With family members from both sides of a domestic murder case watching, the sentencing of 24-year-old Joshua Almeda was postponed for a second time.
Almeda shot and killed his girlfriend, Breanna Moore, in his family's Anchorage Hillside home in 2014. Police found Moore dead on June 26 in Almeda's bedroom. Almeda's mother called 911 around 12:30 a.m. after she awoke to her son's screams. She went to his bedroom in the basement and found Moore with a gunshot wound to the head and a handgun lying nearby.
Almeda's sentencing had been initially set back in July for two days in October, when he pleaded guilty to a single count of second-degree murder. The charge carries a sentencing range of 10 to 99 years. Sentencing set for this week was rescheduled for April.
"It's extremely frustrating for us, but it's also hard on all of Bree's friends and family that want to be involved," said Cindy Moore, Breanna's mother, in an interview Thursday. "They've asked for time off, purchased plane tickets. It makes it hard for everyone."
The attorneys involved in the case traded barbs Tuesday at the Nesbett Courthouse in Anchorage; a victims' rights attorney said the defense was holding proceedings hostage.
Defense attorney Andrew Lambert said he is waiting for Dr. Mark Zelig to finish a comprehensive evaluation of his client.
Zelig has appeared at other criminal trials here. Zelig, a forensic and clinical psychologist, generally testifies about defendants having bipolar illnesses, mental conditions resulting in impaired judgments and other cognitive issues.
"Counsel has been providing Dr. Zelig with a voluminous amount of materials he has requested which included the presentence report. He has conducted the necessary testing but is unable to complete his report in time for sentencing," Lambert wrote in an affidavit in early January.
Superior Court Judge Philip Volland, who is retired but continues to oversee Almeda's case, ordered the report done by Feb. 5.
Lambert said Tuesday that wasn't enough time to provide the court and prosecution with a finalized report. He said he starts defending a murder trial on the Kenai Peninsula that's expected to last a month on the same day.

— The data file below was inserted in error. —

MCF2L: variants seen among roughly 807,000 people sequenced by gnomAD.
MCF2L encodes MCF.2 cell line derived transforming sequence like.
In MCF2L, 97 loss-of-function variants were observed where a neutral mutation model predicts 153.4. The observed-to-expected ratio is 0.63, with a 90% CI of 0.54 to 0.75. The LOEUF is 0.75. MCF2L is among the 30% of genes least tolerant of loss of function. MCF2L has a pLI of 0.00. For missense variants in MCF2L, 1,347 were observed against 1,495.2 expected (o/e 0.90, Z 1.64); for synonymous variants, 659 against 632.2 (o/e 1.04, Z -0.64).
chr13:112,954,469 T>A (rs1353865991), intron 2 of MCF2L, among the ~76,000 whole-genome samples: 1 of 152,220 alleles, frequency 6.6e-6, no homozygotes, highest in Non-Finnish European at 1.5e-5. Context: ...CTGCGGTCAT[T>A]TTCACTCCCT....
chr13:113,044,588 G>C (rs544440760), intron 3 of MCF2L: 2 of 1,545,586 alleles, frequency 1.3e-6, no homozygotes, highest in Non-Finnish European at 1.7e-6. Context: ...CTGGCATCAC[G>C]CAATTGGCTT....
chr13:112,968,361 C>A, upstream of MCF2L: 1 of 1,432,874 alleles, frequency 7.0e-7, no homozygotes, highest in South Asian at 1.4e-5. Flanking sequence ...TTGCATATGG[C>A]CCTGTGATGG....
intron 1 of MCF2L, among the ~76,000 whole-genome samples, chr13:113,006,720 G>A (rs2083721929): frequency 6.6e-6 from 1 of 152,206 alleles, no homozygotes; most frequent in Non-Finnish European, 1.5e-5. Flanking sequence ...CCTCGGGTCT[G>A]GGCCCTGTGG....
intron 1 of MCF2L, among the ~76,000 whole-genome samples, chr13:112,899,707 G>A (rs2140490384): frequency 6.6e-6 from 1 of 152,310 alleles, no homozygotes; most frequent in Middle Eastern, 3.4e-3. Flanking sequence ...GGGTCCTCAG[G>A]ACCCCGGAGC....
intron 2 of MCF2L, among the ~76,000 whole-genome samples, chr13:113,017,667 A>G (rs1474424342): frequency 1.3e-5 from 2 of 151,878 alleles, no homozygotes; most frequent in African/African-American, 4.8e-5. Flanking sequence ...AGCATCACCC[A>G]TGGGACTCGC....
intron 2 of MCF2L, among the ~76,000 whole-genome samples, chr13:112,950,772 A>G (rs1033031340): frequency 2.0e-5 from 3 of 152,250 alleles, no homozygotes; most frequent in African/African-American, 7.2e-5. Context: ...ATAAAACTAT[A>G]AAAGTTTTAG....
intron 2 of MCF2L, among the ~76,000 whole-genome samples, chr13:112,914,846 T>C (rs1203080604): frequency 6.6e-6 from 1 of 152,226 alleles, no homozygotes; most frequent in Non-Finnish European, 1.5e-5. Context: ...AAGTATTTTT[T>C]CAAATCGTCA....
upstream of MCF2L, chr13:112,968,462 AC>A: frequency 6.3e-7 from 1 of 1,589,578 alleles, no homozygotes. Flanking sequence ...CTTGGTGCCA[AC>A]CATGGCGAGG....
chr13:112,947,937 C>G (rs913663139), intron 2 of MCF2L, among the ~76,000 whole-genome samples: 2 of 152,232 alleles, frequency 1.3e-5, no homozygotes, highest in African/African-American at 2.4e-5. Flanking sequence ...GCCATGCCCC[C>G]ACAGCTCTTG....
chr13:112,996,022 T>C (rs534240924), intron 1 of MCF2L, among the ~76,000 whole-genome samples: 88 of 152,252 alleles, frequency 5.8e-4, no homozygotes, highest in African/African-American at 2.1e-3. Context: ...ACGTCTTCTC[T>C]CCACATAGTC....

"I think I'm getting jammed," Lambert said. Over his objections, judge Volland kept the deadline in place.
Butch Moore, Breanna Moore's father, told the court that the family was assured previously the report would be ready before Thanksgiving. More than once, he purchased nonrefundable plane tickets so three family members could attend the hearing.
He asked the judge to order the defense attorney to pay for the cost of the tickets if sentencing is postponed again.
"I just want to be sure we're all going to be here," he said. "It's put emotional stress on our family, and we'd like closure."
Postponement appeared likely to Office of Victims' Rights director Taylor Winston weeks before Tuesday's hearing. She wrote in a court document that there were no surprises in the presentence report, an important document for defendants, the contents of which follow them through incarceration and after release. The defense also was aware of the "psychological components" of that report, she said.
Winston said the family doesn't blame the court -- the blame lies primarily with the defense and "secondarily with a criminal justice system that demonstrates little concern for crime victims."
However, Winston noted that if Almeda's sentencing went forward without his expert witness, the judge's sentence could be put at risk in an appeal.
The conclusion of the murder case may move further into 2016. Assistant District Attorney Paul Miovas said the state has an interest in obtaining Zelig's report on the ordered date. Prosecutors may want to consult their own expert after reading the report, he said.
Butch Moore echoed those statements on Thursday. He said he and Cindy believe the court is taking their concerns into consideration, and they understand a process must be followed. The Moores did not express confidence that the April sentencing date will stick.
"Mr. Lambert has not delivered his report on time in the past," Butch Moore said.
Lambert also noted the Bree Moore Memorial Facebook page in his court document. He characterized the page as an attempt to sway the court. The Moores are asking friends and strangers to weigh in on the sentencing, he said.
Butch Moore said his daughter's sister created the page as a way for people to stay up to date about the court case against Almeda. The page also served as a conduit for getting a law enacted regarding education on dating violence, the father said.
During last year's legislative session, the Moores frequented the Legislature's Anchorage office and pleaded with lawmakers to pass a bill providing education for teachers so they can recognize signs of sexual abuse and teach students about dating violence, among other provisions.
House Bill 44, also known as the Alaska Safe Children's Act, incorporated elements of a program known nationally as Erin's Law with a locally created effort called Bree's Law. It was passed on the final day of a prolonged special session.
Despite the court battle, Breanna Moore's parents thanked their friends, family, the public, the state and the court for their work toward a just resolution of the case.